- Members of California’s Senate Transportation Committee advanced a proposed, sweeping law known as Assembly Bill 316 that could require heavy-duty autonomous trucks throughout this decade to keep a safety operator in the vehicle.
- The bill would restrict autonomous vehicles weighing 10,001 pounds or more. Under the measure, the Department of Motor Vehicles have to submit a policy report by Jan. 1, 2029, or five years after testing. A legislative oversight hearing would follow, and the DMV couldn't issue a permit until one year later, provided there’s legislative approval.
- The proposal, which previously passed in the California State Assembly, now goes before the Senate Appropriations Committee.
The bill's lead sponsor, Assemblymember Cecilia Aguiar-Curry, said she's not against the technology but she can't imagine not having somebody behind the wheel. AB 316 allows the state time to evaluate the issue and collect data, she said.
“When my colleagues and I are convinced there is not a threat to the public, at least one that is demonstrably less than exists with fully trained, professional truck-drivers, the ability for tech-trucking companies to move forward will be allowed by the Legislature,” Aguiar-Curry previously told Transport Dive in an emailed statement in April.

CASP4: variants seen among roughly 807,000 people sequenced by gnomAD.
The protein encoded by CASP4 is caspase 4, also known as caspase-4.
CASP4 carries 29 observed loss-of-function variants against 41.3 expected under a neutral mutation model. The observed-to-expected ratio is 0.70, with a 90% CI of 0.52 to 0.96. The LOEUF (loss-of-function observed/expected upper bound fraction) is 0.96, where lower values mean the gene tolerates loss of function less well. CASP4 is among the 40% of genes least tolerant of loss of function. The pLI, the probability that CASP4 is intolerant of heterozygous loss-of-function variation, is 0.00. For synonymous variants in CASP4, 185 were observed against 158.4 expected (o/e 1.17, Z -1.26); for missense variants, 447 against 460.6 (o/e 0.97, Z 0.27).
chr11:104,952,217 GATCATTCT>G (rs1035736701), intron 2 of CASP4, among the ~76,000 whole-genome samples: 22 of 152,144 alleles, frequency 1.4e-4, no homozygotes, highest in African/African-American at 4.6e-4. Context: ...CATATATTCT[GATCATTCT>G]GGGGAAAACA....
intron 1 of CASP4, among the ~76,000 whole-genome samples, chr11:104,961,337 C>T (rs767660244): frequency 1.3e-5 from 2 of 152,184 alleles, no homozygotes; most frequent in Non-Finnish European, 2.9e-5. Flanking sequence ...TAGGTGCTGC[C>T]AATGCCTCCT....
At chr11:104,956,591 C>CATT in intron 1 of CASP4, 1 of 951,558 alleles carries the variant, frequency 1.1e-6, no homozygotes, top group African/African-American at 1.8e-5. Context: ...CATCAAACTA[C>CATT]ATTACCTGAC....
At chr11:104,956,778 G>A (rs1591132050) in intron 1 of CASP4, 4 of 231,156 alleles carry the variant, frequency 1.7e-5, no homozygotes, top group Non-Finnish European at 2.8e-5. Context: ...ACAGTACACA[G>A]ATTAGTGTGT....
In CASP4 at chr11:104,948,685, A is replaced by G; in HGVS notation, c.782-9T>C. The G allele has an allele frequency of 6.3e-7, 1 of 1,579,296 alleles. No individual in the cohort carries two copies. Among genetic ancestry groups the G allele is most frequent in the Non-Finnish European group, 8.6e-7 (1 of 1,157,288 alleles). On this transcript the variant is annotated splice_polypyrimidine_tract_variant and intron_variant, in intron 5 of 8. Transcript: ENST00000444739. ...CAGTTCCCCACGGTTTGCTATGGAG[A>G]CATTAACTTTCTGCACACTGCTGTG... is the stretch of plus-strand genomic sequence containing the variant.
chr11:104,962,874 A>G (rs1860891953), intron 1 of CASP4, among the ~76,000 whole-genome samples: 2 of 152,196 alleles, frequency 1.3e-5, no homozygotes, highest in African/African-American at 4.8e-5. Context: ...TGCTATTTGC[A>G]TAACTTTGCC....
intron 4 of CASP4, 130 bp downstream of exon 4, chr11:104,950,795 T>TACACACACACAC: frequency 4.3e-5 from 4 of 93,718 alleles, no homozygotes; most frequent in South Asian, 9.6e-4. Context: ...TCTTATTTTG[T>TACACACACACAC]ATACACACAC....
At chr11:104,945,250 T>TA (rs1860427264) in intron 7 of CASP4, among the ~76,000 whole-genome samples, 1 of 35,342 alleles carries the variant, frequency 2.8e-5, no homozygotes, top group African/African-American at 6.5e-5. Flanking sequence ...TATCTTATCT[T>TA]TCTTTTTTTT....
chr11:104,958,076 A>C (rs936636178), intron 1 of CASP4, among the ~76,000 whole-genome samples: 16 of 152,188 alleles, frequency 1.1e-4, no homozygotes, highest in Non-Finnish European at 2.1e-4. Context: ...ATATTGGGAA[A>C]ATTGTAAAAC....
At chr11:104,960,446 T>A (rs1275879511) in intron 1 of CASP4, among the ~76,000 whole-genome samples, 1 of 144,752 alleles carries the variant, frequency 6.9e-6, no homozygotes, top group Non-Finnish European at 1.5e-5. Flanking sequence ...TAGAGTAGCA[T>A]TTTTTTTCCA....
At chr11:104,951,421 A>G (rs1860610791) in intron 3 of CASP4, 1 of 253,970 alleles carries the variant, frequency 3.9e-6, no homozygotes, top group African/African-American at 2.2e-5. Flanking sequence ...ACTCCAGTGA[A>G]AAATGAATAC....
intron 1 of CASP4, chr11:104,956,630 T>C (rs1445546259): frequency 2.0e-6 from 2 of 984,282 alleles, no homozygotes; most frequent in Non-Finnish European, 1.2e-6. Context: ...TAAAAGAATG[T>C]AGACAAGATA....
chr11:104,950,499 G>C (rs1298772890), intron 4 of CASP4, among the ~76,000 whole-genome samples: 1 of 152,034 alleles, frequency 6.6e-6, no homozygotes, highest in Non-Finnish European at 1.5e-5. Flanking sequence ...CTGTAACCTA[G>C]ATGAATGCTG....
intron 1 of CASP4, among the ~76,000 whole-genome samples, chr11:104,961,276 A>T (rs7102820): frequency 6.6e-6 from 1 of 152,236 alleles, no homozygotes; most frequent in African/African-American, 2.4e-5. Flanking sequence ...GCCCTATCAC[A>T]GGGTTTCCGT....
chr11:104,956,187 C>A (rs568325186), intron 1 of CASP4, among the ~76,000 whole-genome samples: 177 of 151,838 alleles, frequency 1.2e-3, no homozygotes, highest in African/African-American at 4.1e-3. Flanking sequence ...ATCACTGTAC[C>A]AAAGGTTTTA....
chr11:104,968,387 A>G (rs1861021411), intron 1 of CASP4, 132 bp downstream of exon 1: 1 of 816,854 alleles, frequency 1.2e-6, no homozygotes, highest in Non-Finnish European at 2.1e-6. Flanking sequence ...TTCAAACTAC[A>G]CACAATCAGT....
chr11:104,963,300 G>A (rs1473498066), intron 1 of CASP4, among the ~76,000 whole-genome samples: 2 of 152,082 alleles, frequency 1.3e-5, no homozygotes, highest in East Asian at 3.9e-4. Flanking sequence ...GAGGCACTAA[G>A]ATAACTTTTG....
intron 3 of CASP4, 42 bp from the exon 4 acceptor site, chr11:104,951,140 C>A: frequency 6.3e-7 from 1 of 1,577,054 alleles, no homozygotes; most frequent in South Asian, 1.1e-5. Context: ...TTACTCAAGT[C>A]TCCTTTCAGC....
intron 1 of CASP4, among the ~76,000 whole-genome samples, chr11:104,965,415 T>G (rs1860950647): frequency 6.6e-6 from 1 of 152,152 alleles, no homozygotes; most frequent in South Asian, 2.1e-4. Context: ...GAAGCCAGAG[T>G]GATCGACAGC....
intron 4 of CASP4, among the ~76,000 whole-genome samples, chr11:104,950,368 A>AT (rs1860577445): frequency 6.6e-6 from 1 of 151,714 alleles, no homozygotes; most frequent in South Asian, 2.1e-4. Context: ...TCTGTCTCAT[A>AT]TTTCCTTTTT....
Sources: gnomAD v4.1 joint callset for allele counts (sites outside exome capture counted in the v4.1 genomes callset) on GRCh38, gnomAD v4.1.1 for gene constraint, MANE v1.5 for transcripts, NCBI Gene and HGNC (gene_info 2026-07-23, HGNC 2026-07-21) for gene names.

The committee's chair, Sen. Lena Gonzalez, cited concerns that the DMV has not been very communicative about AVs, so the bill would help make sure the agency is responsive.
Gonzalez also noted how her father was a Teamsters truck driver for 30 years. "He's been retired now for seven years, but even to this day is so very happy to talk about his perfect driving record."
Dozens of Teamsters attended the hearing and voiced their support of the bill. The union later critiqued the DMV as considering a regulatory framework that would allow heavy-duty AVs to operate possibly by 2024 without consent from the Legislature.
“It is undemocratic for such a sweeping public policy change to be implemented by the DMV,” the union said.
Critics of the bill suggested the measure was too stringent and questioned whether legislators should be involved or not.
"In its current form, this bill is not a guardrail. It is a total shutdown of a multibillion-dollar industry in California," Ariel Wolf, general counsel of the Autonomous Vehicle Industry Association, said at the hearing.
The association has proposed amendments that would keep a driver in requirement for two years, and then sunset that to allow the DMV rulemaking process to continue as it has been underway, Wolf said.
AVIA has also described AVs as vehicles that will make the roads safer and stated there’s never been a fatal AV crash in two years of reporting and tens of millions of miles drive on public roads.
“AB 316 will not make California’s roads safer,” Jeff Farrah, AVIA’s executive director, also said in a post-hearing statement. “Instead, the legislation preserves the status quo: 4,400 lives lost in California last year alone in motor vehicle crashes, overwhelmingly caused by human error.”